Lagarde launches major ECB review

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Christine Lagarde, president of the European Central Bank (ECB), addresses the media during a news conference following the meeting of the governing council of the ECB in Frankfurt am Main, western Germany, on Thursday. — AFP

FRANKFURT AM MAIN, Germany — Christine Lagarde on Thursday announced a major review of the ECB's tools and goals and said the eurozone slowdown was beginning to ease as she made her debut as president vowing to bring her "own style" to the job.

Speaking at a Frankfurt press conference after chairing her first governing council meeting, Lagarde said the bank's "strategic review" would start next month and aim to be completed by "the end of 2020".

A central focus of the reassessment, the ECB's first since 2003, will be to look at whether the bank's main objective of keeping inflation "close to, but below" two percent was still relevant after years of anemic price growth.

But Lagarde said she also wanted to focus on "major changes" that have taken place since the last review, including the challenges posed by climate change and technological advances as well as rising inequality.

As expected, Lagarde kept her predecessor Mario Draghi's ultra-loose monetary policy unchanged Thursday, holding interest rates at historic lows and leaving a monthly bond-buying program untouched.

The easy-money policies are designed to stimulate the euro area and drive up inflation at a time of weak global growth, weighed down by US-China trade rows and Brexit turmoil.

Lagarde said the ECB was seeing "some initial signs of stabilization in the growth slowdown", despite "persistent global uncertainties".

While manufacturing remained weak as trade tensions fester, the services and construction sectors remain "resilient", she said.

Although her maiden press conference was light on monetary policy news, Lagarde showed she was keenly aware that her performance was being closely scrutinized.

The former International Monetary Fund chief who has no prior central banking experience took pains to urge observers not to over-interpret her every word or compare her to former ECB boss Mario Draghi.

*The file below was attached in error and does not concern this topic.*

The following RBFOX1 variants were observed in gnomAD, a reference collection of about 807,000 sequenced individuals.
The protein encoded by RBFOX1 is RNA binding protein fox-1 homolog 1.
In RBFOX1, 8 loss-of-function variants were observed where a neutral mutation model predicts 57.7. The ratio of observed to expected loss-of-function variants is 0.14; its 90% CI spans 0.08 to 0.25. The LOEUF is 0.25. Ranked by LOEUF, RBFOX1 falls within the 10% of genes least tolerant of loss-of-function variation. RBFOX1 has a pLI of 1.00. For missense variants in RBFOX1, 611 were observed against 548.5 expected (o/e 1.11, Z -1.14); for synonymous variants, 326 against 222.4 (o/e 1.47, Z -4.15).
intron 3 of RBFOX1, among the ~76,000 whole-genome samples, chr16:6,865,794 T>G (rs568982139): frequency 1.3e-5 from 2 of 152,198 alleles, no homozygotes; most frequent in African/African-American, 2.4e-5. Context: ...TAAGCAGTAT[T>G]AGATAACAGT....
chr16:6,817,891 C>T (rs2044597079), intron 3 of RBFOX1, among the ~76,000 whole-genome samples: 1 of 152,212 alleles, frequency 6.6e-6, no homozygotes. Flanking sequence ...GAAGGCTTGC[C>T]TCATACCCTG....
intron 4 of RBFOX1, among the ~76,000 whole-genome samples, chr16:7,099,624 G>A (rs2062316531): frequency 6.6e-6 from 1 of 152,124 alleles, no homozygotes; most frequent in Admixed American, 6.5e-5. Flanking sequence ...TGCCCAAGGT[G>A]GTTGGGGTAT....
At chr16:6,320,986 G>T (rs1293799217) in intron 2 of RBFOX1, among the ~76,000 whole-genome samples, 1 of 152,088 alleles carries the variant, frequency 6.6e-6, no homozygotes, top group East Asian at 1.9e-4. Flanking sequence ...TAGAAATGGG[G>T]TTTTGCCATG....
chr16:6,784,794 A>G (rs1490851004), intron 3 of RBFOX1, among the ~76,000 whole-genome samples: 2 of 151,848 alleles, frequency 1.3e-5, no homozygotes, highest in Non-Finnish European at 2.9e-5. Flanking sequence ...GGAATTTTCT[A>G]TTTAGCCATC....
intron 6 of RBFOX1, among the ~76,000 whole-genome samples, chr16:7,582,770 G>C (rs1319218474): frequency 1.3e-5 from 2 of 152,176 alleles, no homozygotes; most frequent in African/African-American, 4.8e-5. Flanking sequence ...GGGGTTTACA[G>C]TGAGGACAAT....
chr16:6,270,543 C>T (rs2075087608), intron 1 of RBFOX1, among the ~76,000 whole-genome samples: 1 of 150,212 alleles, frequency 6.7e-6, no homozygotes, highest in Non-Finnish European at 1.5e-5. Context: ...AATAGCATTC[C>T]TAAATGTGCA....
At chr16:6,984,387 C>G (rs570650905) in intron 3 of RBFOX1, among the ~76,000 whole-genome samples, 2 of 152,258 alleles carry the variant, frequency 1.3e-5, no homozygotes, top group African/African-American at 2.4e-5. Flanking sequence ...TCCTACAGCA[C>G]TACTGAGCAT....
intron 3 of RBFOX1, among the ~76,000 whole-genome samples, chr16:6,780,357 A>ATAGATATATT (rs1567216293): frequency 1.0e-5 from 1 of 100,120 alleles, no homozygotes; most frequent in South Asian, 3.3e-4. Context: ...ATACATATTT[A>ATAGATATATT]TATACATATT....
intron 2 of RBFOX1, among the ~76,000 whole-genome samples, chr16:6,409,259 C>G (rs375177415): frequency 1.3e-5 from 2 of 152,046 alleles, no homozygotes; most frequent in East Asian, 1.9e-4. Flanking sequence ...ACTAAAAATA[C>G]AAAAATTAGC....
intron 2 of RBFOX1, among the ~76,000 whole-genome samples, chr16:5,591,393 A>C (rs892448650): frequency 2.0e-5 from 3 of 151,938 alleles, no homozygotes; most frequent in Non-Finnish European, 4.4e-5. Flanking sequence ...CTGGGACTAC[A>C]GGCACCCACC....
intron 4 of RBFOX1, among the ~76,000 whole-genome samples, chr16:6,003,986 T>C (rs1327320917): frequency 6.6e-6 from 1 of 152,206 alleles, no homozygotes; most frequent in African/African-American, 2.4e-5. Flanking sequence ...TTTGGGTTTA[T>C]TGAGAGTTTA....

"Don't overinterpret, don't second guess, don't cross reference, I'm going to be myself and therefore probably different," she told journalists.

"Once and for all, I'm neither a dove nor a hawk, and my ambition is to be this owl, that is often associated with a little bit of wisdom," said Lagarde.

In central bank jargon, monetary doves are deemed more favorable to easing than the so-called hawks.

The ECB also unveiled its latest growth and inflation forecasts, for the first time running through to 2022.

Risks to the euro area outlook "remain tilted to the downside, but have become somewhat less pronounced", Lagarde said.

The ECB slightly lowered its eurozone growth forecast for 2020 to 1.1 percent from 1.2 percent, but said it saw output strengthening to 1.4 percent in the following two years.

Inflation meanwhile is predicted to climb from 1.1 percent in 2020 to 1.6 percent in 2022 — bringing the ECB closer to its target.

Pressed for details on the planned review, Lagarde said there was "no preconceived landing zone at this point in time".

But after years of stubbornly low inflation, calls have grown for the bank to loosen its strict inflation goal.

Lagarde has also repeatedly said monetary policy had a role to play in tackling the climate crisis, even if the real driver for change lies with fiscal policy.

She said the bank would be speaking to lawmakers, academics and civil society representatives to hear their views.

The focus on climate change comes just days after new European Commission head Ursula von der Leyen unveiled a "Green Deal" for the bloc that aims to build a carbon neutral economy by 2050.

Lagarde praised "the ambition" shown by the initiative and said she hoped it would win widespread backing.

"In our strategic review we will take up climate change, we will take up the fight that is taken up by the European commission and I hope other European institutions, and see where and how we can participate." — AFP


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